Every other week, morning calls would be done according to one’s form. For example, Form 4’s would have their morning call at the Foyer Gemilang on Monday. The day after competing in S-I-R at Mahkota Parade, my class, 4 Dentistry, had to handle it. I was hoping to take part to increase my confidence – read the SEEDS or recite the student oath, but Cena forced me into giving the morning speech three minutes before I did. Yeap, two of the things I suck at. Spontaneity and public speaking. Believe me, I was shivering. But Alhamdulillah, when I went in front they couldn’t see me shivering. Probably because it was at the foyer so I didn’t have to hold a mike. I got tremendous applause, mostly from the guys, when Cena said my name. Most of the guys here are… not very nice. It’s a fact, okay. All the Form 4 baru students I’ve asked, agree with me and say that the guys at their old schools were way more decent. I ended up talking about S-I-R. And you know what? I was good. Great, even. Excellent. Despite all the unnecessary mock-clapping from some guys. Aku buat bodoh je, didn’t even see it as a threat, but this one girl interpreted it as me ‘fighting back’, said that I was determined to finish my speech. That’s a… flattering way to see it, I guess, even if it was not my intention. But since then, I felt like I could do anything, man. Anything. Like I was just waiting for this moment. The moment of truly breaking away from the shy, timid little girl with no voice whom I used to be.
Ironically, I made that speech whilst recovering from literally losing my voice. Nasib masa S-I-R I didn’t sound too much like a frog.
Anyway, I discovered that I actually like addressing an audience. When you make a speech, you can like, share your opinions with people. Wow. How awesome is that? I hope to give many, many more speeches in the future. I proved everyone wrong about me that day. I showed them that I am capable of talking in public! And people congratulated me for it. Broke down the walls around me, they didn’t know how strong I am!
Parents fear that they’ll grow distant from their children when they go to boarding school. In my case, I grew closer to them. Before this, I didn’t talk much about my life to my parents. Not that anything ever happened in my life, anyway. I mostly immersed myself in TV shows and fandoms – takkan aku nak cerita pasal spoilers episod Glee yang bakal keluar kat parents aku kot? Then I went to boarding school and always heard people on the phones with their parents and was just like… “Wow. People actually talk about their daily lives to their mummies”. They influenced me to share more with my parents, I suppose.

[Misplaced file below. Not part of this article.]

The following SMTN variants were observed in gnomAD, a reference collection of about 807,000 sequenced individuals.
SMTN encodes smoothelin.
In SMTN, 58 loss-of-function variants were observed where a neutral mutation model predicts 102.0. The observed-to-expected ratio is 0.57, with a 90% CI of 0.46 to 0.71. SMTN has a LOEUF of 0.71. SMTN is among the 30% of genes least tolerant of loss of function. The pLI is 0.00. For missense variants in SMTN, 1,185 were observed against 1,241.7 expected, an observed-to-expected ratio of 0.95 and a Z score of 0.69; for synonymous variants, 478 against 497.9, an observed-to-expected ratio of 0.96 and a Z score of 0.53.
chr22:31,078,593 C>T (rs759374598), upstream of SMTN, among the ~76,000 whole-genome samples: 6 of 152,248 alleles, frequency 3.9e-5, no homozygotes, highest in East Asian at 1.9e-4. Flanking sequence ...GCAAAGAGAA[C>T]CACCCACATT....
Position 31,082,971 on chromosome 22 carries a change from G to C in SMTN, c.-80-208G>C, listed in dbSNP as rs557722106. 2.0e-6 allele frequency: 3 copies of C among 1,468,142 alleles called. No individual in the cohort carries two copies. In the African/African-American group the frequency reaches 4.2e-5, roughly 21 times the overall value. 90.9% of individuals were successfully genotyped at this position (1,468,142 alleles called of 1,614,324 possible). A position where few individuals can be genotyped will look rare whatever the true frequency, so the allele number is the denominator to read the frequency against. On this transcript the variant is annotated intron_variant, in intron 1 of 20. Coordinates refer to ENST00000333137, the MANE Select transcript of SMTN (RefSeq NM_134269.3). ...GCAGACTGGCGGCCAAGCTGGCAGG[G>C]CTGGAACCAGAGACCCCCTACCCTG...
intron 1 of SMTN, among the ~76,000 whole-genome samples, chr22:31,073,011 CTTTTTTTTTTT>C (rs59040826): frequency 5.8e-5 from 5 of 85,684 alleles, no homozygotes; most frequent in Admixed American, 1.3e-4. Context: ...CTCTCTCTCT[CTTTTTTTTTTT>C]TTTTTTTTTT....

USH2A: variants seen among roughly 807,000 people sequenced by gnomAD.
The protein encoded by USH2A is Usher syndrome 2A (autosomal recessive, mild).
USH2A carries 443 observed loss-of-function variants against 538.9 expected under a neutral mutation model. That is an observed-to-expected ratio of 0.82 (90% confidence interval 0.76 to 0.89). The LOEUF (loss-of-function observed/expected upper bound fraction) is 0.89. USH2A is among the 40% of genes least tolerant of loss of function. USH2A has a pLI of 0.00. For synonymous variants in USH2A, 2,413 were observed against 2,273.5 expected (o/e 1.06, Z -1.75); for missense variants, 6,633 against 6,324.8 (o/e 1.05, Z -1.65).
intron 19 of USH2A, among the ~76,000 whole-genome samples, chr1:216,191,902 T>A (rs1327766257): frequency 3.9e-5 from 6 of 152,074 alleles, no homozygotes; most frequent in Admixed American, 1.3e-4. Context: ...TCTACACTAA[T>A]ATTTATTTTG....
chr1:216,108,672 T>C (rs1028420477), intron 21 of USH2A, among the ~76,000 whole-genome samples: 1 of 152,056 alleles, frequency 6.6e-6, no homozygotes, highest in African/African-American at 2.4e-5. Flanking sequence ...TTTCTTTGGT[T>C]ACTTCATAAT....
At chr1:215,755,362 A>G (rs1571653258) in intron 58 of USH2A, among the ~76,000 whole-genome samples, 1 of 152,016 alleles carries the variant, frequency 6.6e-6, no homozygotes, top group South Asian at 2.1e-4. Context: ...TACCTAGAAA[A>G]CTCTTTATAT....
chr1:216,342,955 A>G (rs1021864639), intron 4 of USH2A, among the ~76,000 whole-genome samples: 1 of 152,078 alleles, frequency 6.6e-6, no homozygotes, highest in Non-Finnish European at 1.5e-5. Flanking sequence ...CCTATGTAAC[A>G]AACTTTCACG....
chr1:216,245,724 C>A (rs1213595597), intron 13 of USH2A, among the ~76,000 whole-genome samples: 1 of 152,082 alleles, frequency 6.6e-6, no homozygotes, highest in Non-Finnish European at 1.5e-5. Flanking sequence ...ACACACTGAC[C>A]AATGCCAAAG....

I believe I grew a lot religiously. Berkat sembahyang berjemaah, baca banyak risalah agama, dengar tazkirah setiap malam agaknya. Before I shifted schools I didn’t hafal Ayat Kursi, or wear handsocks, or know the tune of Asmaul Husna, or recite prayers before sleeping, or read the Qur’an very much. I’m still working on gathering the courage to nasihat others, and to accept the nasihat of others.
All in all, my tragedy was a good thing. Smooth seas do not make skillful sailors.
Oh, I can’t come back there anymore
I am not the boy next door
P.S. I feel the need to talk about this, because I’ve been wanting to blog about it for months but never got to it. I sprained my ankle during Mass Camp, after a go on the flying fox. ‘Cause after I landed, I didn’t watch my step (the steps were high), and my right leg terpleot. One of greater fears since I saw my Year 6 (Standard 4, actually, but in England, Year 6) teacher Mrs. Basson twist her ankle. Yeah, it hurt. But it hurt good! I felt like a Gryffindor, I was so proud to have a serious physical injury, haha!
Had to use a cane for a while, had to bandage my leg, had to pray using a chair. Was my excuse for not participating in SEGAK tests and for skipping Taekwondo classes. After around three weeks, I walked back to the dorms with Shakirah. The afternoon-turning-into-evening sun was hot in the sky, and barely anyone was around. It was serene and lovely, and… I dunno. I just started running. In my baju kurung. It felt amazing. Felt young and free and limitless. The last time I ran was during Mass Camp (Cikgu Zamri would force us to do three rounds every morning).
Like Pollyanna said, you never, never know how perfectly lovely legs are till you haven’t got them—that go, I mean.